LED Bulb dying

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On 09/16/2016 06:31 PM, FromTheRafters wrote:

Criminy! They even have software for it now! I could have used that 30 years ago!

You got that.
My opinion, MTBF is only useful if you are comparing one MTBF number to another.
Thank you for the links, -T
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If you operate a ssd in a reasonable environment and dont expose it to surg es, no reason to think 137 years is unrealistic. Silicon doesnt turn back to sand in 5 years, if ever. Semiconductor devices are well understood, ex tensively studied and i would trust intel numbers before bs from a guy that posted about "mbtf".
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wrote:

50,000 hours should not be out of reach for a properly designed and constructed LED lighting device. However, you don't generally get one of those for 2 bucks. You only get what you pay for - and even there a fair measure of good luck is required!!!
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Vince Foster posted for all of us...

I was going to post a reply like this but too lazy to figure out how many hours in the year. The bulb probably didn't have a longevity on the package so it means FOREVER in his mind.
--
Tekkie

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On Sat, 10 Sep 2016 13:15:41 -0400, snipped-for-privacy@unlisted.moo wrote:

All those years is based on three hours per day. Since you are running it 24/7, then you divide all those years by eight. So that gives you 2.5 to 3 years.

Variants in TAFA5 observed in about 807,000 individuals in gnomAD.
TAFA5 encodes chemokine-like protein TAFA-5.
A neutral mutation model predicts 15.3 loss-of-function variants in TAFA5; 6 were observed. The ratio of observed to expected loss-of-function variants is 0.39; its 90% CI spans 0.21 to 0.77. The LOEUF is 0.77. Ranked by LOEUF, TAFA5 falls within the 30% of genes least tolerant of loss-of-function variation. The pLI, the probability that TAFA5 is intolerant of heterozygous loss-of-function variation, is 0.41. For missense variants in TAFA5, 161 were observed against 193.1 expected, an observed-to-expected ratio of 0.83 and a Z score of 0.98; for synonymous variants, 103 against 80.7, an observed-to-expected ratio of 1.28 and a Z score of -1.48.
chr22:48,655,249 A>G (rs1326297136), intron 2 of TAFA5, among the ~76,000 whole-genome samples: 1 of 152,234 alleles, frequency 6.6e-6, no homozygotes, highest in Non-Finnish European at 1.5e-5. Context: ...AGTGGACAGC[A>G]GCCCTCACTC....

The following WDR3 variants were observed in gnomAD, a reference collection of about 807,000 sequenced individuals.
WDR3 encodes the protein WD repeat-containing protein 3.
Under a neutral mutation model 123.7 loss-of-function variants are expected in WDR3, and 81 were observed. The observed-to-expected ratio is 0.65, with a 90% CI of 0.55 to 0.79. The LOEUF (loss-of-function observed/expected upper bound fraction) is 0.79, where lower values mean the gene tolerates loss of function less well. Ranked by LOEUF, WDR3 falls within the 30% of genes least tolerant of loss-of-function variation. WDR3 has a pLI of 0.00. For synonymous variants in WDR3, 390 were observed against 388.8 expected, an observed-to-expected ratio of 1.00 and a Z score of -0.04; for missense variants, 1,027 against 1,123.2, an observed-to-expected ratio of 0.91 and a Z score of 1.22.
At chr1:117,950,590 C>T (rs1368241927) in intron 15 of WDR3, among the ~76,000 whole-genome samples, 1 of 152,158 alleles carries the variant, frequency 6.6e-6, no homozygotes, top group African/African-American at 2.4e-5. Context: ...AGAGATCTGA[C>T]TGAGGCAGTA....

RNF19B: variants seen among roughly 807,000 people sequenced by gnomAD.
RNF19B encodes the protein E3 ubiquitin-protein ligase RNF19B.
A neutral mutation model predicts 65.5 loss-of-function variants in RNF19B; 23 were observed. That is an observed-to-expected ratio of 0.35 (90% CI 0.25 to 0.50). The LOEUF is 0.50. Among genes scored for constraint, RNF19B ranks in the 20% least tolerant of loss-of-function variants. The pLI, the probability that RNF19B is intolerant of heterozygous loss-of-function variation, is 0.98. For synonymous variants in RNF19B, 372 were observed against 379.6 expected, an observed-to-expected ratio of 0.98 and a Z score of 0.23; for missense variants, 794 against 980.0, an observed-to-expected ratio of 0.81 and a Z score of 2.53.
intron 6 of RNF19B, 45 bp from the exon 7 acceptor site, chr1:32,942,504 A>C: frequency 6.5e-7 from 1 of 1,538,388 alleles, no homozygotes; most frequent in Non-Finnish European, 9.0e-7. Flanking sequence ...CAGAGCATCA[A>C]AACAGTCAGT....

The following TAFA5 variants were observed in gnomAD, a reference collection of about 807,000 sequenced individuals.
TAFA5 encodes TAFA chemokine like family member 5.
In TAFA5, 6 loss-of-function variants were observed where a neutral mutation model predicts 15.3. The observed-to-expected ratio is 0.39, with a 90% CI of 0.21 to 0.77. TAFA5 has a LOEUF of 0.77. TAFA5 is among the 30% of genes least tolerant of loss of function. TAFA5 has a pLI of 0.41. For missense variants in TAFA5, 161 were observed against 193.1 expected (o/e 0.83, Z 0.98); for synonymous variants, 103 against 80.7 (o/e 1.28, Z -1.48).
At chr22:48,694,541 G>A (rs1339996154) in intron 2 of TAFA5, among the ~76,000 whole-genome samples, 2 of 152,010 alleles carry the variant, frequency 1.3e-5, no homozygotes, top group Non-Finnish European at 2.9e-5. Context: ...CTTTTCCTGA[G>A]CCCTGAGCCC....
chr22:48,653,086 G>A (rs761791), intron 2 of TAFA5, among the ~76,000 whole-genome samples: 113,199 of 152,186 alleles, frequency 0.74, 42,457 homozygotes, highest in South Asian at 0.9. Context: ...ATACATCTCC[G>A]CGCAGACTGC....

There is no payback on LED bulbs rarely used. I have been in my house for 20 years. It is a large house with many lights (in closets and all). There are a few bulbs still working from the prior owner. And many that I have only replaced once.
Don. www.donwiss.com (e-mail link at home page bottom).
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On 9/10/2016 5:49 PM, Don Wiss wrote:

My house, over 40 years old, came with krypton super bulbs and a few of them sparsely used are still working.
Just started using led's but discovered cfl's in bathrooms last no longer than incandescent. Think it is due to short periodic use. Your bulb should have lasted a long time but I have found led flashlights that did not last long. Bulb component may be fine but there are transformers for dc led bulbs and cfl's and components there in may fail. Flashlights most likely the switch. While yours burned constantly in an unheated barn where temperatures could vary over 100 deg F over a year the bulb and components were subjected to that stress which may have limited its lifetime.
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On Saturday, September 10, 2016 at 6:04:40 PM UTC-5, Frank wrote:

Moisture in bathrooms also lessens the life of cfl's.